Adidas just committed $260 million to Derrick Rose over the next 14 years.
"Mom," the Bulls' all-star said, "we finally made it."
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No, wait. Rose uttered those words back in December after signing a five-year, $94.8 million contract with the Bulls.
Rose apparently hadn't made it yet when the Bulls paid him $22.5 million over his first four NBA seasons.
If my math is correct, which it rarely is, the Bulls and Adidas have guaranteed the 23-year-old Rose nearly $400 million.
Not bad work if you or even Warren Buffett can get it.
It's certainly not bad for a young man like Rose from an impoverished neighborhood on the South Side of Chicago.
Now is about the time we're all supposed to proclaim that, see, anything is possible in America.
Yes, even a poor kid from Englewood can become 40 percent of a billionaire as a young adult, as long as he's blessed with a remarkably athletic body, great work ethic and supportive family.
To me, when somebody like Rose makes it out of a place like Englewood to become a financial baron, well, there's a concern that sports are perceived as the ticket out.
Wouldn't it be better if the role model for young people in challenged areas were someone other than an athlete?
A doctor returning to the old neighborhood could preach more realistically that staying in school and studying hard can lead to a good living in the field of health care.
Others could point out that you can live well if you go to college and become a lawyer, accountant or architect, or to vocational school and become a cook, mechanic or electrician.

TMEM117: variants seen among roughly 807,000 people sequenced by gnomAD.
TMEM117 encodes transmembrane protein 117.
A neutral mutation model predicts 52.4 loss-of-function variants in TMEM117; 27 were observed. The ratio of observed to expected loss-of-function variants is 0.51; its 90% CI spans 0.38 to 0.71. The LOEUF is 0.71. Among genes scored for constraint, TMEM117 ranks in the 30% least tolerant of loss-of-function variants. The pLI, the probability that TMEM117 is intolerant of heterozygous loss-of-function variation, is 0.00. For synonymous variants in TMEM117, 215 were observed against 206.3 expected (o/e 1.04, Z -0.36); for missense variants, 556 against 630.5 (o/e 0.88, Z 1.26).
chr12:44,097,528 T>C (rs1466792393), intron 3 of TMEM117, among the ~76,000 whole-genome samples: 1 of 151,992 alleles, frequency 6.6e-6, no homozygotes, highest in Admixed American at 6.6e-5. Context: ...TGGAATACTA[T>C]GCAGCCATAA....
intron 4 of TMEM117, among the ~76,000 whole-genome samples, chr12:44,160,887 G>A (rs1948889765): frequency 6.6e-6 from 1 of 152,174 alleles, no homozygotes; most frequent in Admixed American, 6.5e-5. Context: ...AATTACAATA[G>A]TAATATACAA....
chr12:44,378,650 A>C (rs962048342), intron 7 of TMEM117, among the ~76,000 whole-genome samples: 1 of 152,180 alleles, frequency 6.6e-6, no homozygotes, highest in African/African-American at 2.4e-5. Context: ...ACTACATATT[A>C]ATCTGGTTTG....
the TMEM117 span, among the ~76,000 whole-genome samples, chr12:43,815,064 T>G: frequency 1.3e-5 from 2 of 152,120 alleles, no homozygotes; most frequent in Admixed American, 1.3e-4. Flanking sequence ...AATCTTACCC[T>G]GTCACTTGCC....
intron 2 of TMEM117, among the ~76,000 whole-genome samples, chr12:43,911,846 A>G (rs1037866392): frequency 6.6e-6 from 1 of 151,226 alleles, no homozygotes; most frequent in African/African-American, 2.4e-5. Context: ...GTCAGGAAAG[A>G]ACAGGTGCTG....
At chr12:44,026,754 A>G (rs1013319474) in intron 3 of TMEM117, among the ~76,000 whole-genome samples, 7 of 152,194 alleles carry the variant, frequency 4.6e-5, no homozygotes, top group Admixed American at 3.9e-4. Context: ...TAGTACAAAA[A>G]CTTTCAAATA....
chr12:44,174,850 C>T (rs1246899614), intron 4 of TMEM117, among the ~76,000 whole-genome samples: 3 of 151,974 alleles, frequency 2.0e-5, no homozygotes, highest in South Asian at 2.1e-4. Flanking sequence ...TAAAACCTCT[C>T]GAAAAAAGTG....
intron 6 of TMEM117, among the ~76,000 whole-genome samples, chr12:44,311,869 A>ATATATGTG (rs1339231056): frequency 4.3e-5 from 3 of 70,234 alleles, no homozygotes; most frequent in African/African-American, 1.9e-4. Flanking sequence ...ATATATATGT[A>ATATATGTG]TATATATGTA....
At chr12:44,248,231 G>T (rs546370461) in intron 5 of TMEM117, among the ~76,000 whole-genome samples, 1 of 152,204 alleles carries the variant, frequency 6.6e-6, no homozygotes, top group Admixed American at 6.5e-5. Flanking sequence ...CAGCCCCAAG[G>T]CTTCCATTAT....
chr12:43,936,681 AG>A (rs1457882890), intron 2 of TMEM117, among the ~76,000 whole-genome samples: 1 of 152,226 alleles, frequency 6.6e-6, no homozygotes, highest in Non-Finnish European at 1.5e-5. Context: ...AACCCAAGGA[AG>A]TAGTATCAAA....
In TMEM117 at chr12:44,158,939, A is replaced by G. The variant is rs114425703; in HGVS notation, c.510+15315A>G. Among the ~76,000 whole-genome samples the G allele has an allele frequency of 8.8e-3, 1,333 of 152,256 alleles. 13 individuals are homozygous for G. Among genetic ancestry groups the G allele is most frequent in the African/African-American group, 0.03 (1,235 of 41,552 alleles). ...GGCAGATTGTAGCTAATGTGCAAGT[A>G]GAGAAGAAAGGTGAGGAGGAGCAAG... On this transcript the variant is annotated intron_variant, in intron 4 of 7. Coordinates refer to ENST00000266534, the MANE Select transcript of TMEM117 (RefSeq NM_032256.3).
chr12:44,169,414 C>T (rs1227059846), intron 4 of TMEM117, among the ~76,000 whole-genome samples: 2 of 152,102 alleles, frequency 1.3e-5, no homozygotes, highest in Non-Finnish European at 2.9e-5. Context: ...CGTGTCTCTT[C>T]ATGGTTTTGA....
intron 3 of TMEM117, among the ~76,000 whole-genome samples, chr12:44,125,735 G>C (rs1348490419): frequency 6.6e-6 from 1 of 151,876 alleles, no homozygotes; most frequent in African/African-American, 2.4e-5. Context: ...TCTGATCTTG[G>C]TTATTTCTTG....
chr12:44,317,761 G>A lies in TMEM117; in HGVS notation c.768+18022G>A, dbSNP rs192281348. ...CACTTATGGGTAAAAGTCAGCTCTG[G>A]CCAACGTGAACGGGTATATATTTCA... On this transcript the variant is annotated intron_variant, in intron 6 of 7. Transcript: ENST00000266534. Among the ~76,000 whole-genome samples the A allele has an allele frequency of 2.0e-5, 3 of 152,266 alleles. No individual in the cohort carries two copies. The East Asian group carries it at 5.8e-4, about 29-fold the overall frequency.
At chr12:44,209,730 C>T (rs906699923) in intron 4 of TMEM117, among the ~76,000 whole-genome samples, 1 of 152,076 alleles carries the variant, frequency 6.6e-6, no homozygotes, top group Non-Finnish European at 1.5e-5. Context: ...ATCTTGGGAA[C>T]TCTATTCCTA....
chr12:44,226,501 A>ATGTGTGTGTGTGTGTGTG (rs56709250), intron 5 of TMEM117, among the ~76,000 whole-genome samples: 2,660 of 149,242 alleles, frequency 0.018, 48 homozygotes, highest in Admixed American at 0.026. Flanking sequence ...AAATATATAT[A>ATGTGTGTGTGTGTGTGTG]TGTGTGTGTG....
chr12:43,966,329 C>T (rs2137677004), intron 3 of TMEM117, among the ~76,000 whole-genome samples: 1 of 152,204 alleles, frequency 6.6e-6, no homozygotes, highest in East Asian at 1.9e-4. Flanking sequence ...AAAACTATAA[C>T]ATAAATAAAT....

Just think of how many more paralegals are making a living than NBA point guards are, how many more meat cutters there are than MLB shortstops, how many more bakers there are than NFL quarterbacks.
The problem is, those jobs aren't as glamorous, lucrative or fun as sports are.
However, they are more attainable, enabling men and women to provide a good life for their families.
As we speak, boys are pounding basketballs in parks and playgrounds around America while believing they can be the next Derrick Rose.
Many of them will get college scholarships for four years but not take advantage of the opportunity to earn a degree. Their only goal will be to go for a year or two before graduating to the NBA like Rose did.
The odds of making it to the big leagues of any sport are so long, yet so many young people long for that destiny.
Nothing wrong with that, I suppose, as long they understand they might have a better chance to be president of the United States than point guard of the Bulls.
(Of course, running the country doesn't pay as much as running the Bulls' offense does.)
Look, it's great for young people to dream big and aspire to be the next Derrick Rose.
However, it isn't an all-or-nothing proposition. There's a wide world out there between poverty and $400 million.
Responsible adults have to come in and say, OK, give it a try but have a backup plan.
Rose, who expresses the intent to help the residents of Englewood, can be that responsible adult. Kids will listen to him, you know.
He can impress upon them, athletes and others, in there and everywhere, that not everyone is lucky enough to win the lottery and "finally make it" at age 23.
Most of all, Rose's lesson can be that the path out of the neighborhood doesn't have to run through the United Center or Soldier Field.